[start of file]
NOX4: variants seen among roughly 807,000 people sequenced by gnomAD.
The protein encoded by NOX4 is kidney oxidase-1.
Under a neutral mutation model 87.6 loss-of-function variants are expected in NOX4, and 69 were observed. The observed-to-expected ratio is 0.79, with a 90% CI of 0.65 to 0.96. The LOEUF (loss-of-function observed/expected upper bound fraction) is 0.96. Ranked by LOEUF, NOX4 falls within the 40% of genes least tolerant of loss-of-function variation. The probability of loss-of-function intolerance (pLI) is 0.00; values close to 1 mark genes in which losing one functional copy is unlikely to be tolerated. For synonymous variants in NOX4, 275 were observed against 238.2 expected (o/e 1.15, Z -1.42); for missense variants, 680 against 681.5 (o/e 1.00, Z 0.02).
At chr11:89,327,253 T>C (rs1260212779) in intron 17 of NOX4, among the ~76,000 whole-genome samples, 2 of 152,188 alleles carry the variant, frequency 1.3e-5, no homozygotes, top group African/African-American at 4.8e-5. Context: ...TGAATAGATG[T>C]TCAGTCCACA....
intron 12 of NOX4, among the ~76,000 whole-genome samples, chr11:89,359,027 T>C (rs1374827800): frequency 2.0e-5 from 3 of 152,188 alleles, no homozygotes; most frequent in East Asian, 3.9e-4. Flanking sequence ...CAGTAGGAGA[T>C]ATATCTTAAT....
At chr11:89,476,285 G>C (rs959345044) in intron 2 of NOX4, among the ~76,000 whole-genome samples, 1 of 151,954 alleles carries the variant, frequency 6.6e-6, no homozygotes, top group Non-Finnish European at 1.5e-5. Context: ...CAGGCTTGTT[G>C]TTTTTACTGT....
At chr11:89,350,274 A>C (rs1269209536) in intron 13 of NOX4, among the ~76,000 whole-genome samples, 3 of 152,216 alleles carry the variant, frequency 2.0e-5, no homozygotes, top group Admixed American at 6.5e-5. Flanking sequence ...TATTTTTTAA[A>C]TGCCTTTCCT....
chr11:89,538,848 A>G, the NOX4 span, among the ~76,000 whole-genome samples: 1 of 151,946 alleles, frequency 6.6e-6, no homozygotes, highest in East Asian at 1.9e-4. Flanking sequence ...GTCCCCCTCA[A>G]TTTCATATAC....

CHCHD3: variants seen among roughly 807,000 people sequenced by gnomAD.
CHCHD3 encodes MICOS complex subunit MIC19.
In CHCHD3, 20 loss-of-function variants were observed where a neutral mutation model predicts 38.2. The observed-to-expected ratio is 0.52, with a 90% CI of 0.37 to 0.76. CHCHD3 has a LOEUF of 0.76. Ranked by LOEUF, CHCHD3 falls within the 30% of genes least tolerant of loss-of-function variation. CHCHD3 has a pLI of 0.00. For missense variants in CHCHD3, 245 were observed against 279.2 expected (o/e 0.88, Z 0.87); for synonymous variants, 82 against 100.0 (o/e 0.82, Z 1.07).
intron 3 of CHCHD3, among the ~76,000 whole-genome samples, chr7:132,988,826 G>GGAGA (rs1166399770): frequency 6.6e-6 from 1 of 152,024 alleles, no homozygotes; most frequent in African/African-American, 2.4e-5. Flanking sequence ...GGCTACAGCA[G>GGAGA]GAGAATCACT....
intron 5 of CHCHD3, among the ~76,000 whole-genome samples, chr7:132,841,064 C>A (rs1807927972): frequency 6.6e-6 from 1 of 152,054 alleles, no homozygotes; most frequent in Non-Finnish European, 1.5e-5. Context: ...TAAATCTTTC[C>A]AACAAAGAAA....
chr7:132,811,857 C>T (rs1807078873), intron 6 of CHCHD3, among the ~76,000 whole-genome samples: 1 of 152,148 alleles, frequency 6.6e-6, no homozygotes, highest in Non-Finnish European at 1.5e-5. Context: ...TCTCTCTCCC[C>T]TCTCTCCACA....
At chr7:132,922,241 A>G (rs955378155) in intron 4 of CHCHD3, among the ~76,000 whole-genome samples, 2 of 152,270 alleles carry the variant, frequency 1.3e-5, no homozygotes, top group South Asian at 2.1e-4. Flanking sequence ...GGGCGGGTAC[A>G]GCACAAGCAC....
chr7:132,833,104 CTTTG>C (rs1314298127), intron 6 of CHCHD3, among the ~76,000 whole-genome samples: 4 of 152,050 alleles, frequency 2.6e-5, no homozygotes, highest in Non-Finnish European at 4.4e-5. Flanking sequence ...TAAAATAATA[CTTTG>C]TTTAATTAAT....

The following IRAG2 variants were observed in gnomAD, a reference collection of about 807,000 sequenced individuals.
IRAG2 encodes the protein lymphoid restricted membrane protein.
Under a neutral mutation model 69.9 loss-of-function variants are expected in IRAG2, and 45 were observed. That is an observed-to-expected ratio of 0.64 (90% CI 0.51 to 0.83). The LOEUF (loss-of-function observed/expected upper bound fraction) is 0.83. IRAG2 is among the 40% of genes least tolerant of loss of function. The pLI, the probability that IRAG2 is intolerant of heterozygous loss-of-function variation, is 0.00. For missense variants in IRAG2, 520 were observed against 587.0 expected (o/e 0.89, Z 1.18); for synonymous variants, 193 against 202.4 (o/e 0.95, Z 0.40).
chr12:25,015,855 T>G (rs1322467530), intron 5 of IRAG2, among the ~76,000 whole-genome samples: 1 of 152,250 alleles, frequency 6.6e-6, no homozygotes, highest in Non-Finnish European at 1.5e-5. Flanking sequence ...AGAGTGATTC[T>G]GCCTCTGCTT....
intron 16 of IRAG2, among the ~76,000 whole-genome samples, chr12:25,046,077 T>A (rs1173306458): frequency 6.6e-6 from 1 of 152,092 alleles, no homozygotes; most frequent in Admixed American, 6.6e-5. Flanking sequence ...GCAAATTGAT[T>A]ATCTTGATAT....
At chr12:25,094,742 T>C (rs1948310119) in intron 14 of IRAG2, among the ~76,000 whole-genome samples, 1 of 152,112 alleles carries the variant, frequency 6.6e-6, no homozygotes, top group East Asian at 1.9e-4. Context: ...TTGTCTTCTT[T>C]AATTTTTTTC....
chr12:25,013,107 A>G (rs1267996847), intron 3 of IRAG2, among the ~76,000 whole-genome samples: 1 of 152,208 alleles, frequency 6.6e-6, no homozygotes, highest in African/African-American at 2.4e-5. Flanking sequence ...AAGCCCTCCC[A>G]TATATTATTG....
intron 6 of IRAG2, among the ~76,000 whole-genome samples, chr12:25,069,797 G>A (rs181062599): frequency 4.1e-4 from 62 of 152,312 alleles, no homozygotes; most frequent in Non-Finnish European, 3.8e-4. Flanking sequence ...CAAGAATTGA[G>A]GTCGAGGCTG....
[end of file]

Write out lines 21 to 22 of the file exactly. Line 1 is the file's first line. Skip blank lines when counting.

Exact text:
intron 16 of IRAG2, among the ~76,000 whole-genome samples, chr12:25,046,077 T>A (rs1173306458): frequency 6.6e-6 from 1 of 152,092 alleles, no homozygotes; most frequent in Admixed American, 6.6e-5. Flanking sequence ...GCAAATTGAT[T>A]ATCTTGATAT....
At chr12:25,094,742 T>C (rs1948310119) in intron 14 of IRAG2, among the ~76,000 whole-genome samples, 1 of 152,112 alleles carries the variant, frequency 6.6e-6, no homozygotes, top group East Asian at 1.9e-4. Context: ...TTGTCTTCTT[T>C]AATTTTTTTC....